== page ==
The 2022 Project of the Year Award Winners

The 2022 Project of the Year Award Winners

At last, we’ve reached our final category of winners to announce – the 2022 Project of the Year award. Project of the Year is our most highly rewarded category, with a cash prize of $2500 USD going to the winner along with our Project of the Year Award Winner trophy, while the runner-up receives $500 USD and our slightly smaller (but still awesome) 2nd place trophy.

We have our judges’ three highest-scoring entries, which have been carefully selected based on criteria such as technical ability, composition, consistency of editing, color, and lighting, and overall impression.

These are the 2022 Project of the Year Award winners:

Honorable Mention: Colin Robertson – Desert X 2022 AlUla Visitor Center

Honorable mention for the 2022 Project of the Year Award goes to Colin Robertson and his photographs of Desert X 2022 AlUla visitor center by

Colin says “Desert X is an international biennial site-specific contemporary art exhibition held in both the Coachella Valley, California, and AlUla, Saudi Arabia. My intent was to document the structure as intended by the architects… which was a challenge because it was not built to their design! The shadow play of the oculus, the incredible natural setting, the way the building frames your experience as a visitor… I had an absolute field day photographing the structure!”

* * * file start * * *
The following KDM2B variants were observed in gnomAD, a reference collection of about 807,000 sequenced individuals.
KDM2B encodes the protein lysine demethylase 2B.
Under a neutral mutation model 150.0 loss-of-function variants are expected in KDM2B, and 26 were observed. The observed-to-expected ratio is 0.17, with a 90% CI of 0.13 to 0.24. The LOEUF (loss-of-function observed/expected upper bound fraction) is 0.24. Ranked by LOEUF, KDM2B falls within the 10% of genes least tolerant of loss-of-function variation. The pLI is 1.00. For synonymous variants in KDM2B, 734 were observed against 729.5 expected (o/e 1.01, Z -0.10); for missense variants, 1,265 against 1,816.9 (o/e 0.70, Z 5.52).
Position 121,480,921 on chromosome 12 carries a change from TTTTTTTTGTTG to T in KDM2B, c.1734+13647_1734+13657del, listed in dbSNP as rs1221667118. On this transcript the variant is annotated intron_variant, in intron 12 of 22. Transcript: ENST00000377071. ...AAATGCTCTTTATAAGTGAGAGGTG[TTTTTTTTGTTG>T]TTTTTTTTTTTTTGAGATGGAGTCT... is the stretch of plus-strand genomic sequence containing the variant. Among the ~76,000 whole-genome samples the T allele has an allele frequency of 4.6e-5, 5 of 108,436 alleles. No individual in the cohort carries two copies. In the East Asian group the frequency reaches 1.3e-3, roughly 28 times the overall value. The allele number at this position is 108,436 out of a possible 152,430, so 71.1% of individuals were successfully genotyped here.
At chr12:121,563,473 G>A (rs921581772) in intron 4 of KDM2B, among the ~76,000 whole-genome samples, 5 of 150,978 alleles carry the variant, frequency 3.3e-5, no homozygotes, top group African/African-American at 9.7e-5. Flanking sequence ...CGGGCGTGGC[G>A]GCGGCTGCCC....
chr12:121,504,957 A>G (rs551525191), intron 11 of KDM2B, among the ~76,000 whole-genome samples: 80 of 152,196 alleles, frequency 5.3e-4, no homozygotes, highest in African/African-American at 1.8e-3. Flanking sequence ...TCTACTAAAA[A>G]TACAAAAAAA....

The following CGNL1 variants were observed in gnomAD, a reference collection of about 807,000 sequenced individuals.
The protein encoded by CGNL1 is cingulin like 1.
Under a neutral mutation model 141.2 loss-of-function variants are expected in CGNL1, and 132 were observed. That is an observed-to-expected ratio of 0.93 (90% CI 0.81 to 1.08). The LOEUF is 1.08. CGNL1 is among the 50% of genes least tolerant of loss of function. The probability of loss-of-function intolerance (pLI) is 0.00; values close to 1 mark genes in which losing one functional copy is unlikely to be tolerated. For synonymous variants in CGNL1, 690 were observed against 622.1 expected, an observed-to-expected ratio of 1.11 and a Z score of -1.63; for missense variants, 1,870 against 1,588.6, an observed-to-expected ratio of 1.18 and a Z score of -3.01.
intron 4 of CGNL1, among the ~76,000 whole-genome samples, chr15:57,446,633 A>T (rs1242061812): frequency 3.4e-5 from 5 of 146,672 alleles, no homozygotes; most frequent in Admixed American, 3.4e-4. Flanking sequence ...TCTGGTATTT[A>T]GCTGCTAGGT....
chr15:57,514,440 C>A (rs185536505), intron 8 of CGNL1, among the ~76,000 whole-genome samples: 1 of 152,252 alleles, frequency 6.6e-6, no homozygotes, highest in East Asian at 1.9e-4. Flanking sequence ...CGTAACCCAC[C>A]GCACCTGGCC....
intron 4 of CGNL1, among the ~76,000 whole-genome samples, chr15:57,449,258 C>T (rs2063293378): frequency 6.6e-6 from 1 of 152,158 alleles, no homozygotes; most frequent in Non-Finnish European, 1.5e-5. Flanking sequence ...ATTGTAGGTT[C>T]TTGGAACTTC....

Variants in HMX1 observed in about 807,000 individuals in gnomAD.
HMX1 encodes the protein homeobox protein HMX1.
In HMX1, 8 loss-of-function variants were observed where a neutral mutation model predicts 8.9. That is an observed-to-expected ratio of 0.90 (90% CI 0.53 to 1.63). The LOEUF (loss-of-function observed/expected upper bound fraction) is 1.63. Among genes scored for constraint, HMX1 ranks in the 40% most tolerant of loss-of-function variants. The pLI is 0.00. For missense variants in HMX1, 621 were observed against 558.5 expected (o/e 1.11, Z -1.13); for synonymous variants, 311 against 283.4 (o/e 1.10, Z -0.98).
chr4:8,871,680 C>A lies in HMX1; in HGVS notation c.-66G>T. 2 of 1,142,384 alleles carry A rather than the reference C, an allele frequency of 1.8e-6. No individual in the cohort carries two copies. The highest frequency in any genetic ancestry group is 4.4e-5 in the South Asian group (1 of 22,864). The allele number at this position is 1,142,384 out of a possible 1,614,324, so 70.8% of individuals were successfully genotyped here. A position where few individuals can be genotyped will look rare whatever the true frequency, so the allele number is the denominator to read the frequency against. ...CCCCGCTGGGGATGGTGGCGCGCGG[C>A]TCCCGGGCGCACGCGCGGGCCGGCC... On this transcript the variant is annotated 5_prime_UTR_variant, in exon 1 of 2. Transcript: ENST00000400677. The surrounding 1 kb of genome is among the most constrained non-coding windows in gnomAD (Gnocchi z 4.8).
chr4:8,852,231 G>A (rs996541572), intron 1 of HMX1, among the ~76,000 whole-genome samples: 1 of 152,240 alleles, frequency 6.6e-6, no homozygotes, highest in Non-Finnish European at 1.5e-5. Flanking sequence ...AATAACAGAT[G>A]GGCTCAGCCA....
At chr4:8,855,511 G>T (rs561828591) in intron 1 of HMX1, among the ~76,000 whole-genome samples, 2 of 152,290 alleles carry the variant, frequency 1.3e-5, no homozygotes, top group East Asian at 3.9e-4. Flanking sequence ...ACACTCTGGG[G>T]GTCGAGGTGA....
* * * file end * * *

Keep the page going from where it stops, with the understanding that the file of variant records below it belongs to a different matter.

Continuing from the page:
He continues “It was the most difficult shoot I’ve had in my career. I only had a short window to capture the space immediately after the construction was complete and the exhibition had barely opened. Including the complete oculus in the frame meant a lot of shift-stitching with the Canon 17mm. The wooden slats of the flooring meant there was lots of movement between frames that had to be corrected for. The sun moves fast, so staying in one place to shoot meant making a lot of light/shadow corrections. Lots of temporary infrastructure needed to be removed… But the real challenge was correcting the architecture in post (thanks, Perspective Drawing 101!). This is all to say that this project didn’t come together easily, but I am proud of the results and hope to photograph the next version of this building in 2024 should that come to pass.”

Speaking on what she loves about this project, judge Celeste Bolte shares “Every angle of this project is perfectly captured by the photographer; context, use, scale, material, and most importantly, the designer’s intent shows through. Superb shoot.”

You can follow Colin on Instagram @colinjr. Congratulations on placing so high in the contest Colin!

Runner-up: Xi Chen – Inside Out

Our second-place winner for Project of the Year is Xi Chen’s “Inside Out” series! Xi will be taking home our runner-up trophy and $500 USD.

Xi shares “Few places are as comfortable with architectural variety as New York, a city that boasts one of the liveliest mixtures of buildings in the world. As a trained architect, I’m inspired by the ways in which museums, libraries, transportation stations, skyscrapers, and their associated built spaces shape the city and its residents’ lives. For this reason, the photographs in Inside Out combine both the exteriors and sections of the interiors of important New York City buildings in a single image.”